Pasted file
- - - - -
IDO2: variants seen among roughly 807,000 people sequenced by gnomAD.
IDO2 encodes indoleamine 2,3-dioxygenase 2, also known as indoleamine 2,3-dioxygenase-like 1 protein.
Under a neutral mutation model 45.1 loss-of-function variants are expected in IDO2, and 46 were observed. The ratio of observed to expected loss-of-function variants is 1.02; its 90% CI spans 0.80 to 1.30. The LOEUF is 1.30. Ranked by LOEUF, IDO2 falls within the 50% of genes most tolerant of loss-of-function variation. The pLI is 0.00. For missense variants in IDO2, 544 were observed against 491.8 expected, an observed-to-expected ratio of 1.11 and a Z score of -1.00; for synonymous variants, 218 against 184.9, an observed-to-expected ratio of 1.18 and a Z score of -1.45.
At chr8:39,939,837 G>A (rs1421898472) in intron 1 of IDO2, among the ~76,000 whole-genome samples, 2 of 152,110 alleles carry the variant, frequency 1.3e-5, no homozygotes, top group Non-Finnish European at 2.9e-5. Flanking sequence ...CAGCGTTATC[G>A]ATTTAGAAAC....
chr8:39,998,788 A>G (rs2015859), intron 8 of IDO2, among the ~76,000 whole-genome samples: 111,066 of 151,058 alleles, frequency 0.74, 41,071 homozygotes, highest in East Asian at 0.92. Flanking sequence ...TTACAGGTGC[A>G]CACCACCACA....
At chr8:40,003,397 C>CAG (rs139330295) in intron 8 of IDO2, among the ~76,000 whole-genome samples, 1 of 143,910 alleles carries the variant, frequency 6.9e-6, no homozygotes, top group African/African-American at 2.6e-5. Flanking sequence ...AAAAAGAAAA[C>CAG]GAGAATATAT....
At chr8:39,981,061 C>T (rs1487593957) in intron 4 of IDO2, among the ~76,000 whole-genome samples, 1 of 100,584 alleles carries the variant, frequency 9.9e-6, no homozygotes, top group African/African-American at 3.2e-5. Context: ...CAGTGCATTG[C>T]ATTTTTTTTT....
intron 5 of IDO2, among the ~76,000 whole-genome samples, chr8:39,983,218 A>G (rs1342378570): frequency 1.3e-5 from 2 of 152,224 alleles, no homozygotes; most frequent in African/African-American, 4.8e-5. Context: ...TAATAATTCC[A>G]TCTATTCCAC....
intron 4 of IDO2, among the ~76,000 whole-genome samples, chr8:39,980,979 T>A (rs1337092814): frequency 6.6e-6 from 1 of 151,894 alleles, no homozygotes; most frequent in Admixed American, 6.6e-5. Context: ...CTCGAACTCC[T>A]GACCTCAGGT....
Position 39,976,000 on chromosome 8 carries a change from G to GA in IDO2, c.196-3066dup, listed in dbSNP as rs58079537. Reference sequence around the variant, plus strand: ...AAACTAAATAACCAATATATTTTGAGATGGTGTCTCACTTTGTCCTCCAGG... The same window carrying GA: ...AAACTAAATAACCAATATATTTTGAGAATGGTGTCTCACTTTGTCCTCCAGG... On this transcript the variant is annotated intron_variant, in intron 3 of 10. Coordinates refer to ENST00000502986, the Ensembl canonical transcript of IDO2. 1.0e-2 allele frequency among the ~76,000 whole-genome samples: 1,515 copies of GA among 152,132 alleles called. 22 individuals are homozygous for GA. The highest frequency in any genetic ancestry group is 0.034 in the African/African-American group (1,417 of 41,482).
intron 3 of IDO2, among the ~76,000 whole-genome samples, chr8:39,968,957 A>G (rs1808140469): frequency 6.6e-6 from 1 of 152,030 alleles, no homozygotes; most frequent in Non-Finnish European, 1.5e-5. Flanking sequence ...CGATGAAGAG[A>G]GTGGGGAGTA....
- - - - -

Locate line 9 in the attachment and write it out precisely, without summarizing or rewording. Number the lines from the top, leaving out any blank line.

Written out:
intron 4 of IDO2, among the ~76,000 whole-genome samples, chr8:39,980,979 T>A (rs1337092814): frequency 6.6e-6 from 1 of 151,894 alleles, no homozygotes; most frequent in Admixed American, 6.6e-5. Context: ...CTCGAACTCC[T>A]GACCTCAGGT....